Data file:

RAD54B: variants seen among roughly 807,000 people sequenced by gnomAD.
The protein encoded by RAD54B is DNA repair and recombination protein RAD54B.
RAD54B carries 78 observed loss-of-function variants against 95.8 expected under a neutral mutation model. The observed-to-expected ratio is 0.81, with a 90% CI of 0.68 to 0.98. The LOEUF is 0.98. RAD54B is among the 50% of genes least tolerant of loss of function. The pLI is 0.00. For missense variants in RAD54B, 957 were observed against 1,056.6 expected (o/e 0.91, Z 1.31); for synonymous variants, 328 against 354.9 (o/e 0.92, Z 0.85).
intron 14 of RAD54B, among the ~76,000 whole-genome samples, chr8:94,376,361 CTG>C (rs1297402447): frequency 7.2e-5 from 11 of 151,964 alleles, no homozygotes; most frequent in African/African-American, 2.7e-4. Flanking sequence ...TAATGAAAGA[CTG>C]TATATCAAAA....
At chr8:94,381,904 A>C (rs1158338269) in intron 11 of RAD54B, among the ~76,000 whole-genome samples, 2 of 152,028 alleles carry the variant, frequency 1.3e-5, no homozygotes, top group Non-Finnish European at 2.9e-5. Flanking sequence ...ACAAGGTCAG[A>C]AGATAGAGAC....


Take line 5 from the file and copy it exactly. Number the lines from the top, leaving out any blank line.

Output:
At chr8:94,381,904 A>C (rs1158338269) in intron 11 of RAD54B, among the ~76,000 whole-genome samples, 2 of 152,028 alleles carry the variant, frequency 1.3e-5, no homozygotes, top group Non-Finnish European at 2.9e-5. Flanking sequence ...ACAAGGTCAG[A>C]AGATAGAGAC....